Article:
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http://dx.doi.org/10.1161/STROKEAHA.119.024722DOI Listing
December 2019

Increasing early ambulation disability in spontaneous intracerebral hemorrhage survivors.

Neurology 2018 06 4;90(23):e2017-e2024. Epub 2018 May 4.

From the Dijon Stroke Registry (Y.B., C.B., B.D., C. Chazalon, A.D., G.-V.O., M.-H.B., M.G.), EA7460 Pathophysiology and Epidemiology of Cerebro-Cardio-Vascular Diseases, Department of Neurology, University Hospital of Dijon, University of Burgundy; University of Lille (C. Cordonnier), Inserm U 1171, Degenerative and Vascular Cognitive Disorders, CHU Lille; and Department of Neuroradiology (P.T., F.R.), University Hospital and Medical School of Dijon, University of Burgundy, France.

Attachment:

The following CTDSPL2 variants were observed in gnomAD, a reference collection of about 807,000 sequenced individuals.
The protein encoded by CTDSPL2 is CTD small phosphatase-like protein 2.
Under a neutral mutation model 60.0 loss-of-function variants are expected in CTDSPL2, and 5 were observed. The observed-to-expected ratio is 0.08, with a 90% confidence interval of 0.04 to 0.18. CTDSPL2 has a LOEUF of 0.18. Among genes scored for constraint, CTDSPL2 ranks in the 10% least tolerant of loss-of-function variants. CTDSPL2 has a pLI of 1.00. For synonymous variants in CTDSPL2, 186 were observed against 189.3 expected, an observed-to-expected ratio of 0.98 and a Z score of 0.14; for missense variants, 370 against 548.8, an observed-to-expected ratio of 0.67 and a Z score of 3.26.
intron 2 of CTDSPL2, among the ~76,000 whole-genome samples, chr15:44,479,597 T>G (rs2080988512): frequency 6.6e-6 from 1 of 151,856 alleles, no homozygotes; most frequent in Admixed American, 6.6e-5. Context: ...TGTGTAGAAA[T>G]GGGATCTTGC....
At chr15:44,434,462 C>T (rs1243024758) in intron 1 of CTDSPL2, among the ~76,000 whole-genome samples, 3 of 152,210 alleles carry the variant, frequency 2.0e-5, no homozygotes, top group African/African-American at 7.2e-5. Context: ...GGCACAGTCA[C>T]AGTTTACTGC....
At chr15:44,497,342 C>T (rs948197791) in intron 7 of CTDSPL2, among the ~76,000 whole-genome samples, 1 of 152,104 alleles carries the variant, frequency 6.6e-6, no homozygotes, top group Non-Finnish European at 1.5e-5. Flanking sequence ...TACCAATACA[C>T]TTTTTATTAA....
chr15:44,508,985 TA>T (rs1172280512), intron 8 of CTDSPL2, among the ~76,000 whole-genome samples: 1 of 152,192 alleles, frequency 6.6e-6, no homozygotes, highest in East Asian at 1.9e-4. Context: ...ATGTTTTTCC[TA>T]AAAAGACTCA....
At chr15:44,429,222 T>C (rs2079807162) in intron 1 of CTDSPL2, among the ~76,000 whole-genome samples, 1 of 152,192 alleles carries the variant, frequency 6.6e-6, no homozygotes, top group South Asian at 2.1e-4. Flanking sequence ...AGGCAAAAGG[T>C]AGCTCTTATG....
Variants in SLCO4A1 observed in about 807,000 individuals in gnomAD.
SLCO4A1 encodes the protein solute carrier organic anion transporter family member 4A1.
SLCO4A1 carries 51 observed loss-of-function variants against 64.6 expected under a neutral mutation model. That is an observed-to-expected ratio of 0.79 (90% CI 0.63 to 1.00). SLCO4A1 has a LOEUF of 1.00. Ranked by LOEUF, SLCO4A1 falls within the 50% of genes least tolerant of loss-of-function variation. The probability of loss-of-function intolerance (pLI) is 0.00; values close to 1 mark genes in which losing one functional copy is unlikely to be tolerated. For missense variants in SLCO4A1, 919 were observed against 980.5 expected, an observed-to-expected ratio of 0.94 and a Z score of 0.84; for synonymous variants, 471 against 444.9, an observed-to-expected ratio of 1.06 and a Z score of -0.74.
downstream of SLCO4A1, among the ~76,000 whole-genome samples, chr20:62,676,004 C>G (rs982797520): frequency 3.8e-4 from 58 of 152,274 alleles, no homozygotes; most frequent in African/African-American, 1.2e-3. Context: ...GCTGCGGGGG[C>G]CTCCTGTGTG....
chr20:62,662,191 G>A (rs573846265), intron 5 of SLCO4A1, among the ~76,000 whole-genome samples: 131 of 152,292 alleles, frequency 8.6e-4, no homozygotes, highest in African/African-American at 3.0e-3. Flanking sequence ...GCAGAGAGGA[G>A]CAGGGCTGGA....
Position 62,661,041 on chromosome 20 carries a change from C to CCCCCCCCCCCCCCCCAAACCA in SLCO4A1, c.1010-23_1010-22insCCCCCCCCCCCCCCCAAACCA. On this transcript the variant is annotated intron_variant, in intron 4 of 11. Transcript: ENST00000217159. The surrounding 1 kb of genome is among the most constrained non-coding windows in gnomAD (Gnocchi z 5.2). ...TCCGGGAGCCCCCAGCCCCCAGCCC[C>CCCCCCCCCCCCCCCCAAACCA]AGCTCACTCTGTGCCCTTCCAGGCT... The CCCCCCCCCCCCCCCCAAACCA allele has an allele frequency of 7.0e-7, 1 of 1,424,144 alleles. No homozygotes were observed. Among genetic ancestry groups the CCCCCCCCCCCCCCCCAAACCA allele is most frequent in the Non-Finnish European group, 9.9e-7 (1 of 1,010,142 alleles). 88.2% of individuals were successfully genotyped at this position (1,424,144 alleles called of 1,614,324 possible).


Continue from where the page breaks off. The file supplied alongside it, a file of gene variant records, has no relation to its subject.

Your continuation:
Objective: To evaluate temporal trends in early ambulatory status in patients with spontaneous intracerebral hemorrhage (ICH).

Methods: All patients with ICH between 1985 and 2011 were prospectively registered in a population-based registry in Dijon, France, and included in the study. Outcomes of ICH survivors were assessed at discharge from their stay in an acute care ward with the use of a 4-grade ambulation scale. Time trends in ambulation disability and place of discharge were analyzed in 3 periods (1985-1993, 1994-2002, and 2003-2011). Multivariable ordinal and logistic regression models were applied.

Results: Five hundred thirty-one patients with ICH were registered, of whom 200 (37.7%) died in the acute care ward. While the proportion of deaths decreased over time, that of patients with ambulation disability increased (odds ratio [OR] 1.67, 95% confidence interval [CI] 0.87-3.23, = 0.124 for 1994-2002; and OR 1.97, 95% CI, 1.08-3.60, = 0.027 for 2003-2011 vs 1985-1993 in ordinal logistic regression). The proportion of patients dependent in walking rose (OR 2.11, 95% CI 1.16-3.82, = 0.014 for 1994-2002; and OR 2.73; 95% CI 1.54-4.84, = 0.001 for 2003-2011), and the proportion of patients discharged to home decreased (OR 0.49, 95% CI 0.24-0.99, = 0.048 for 1994-2002; and OR 0.32, 95% CI 0.16-0.64, = 0.001 for 2003-2011).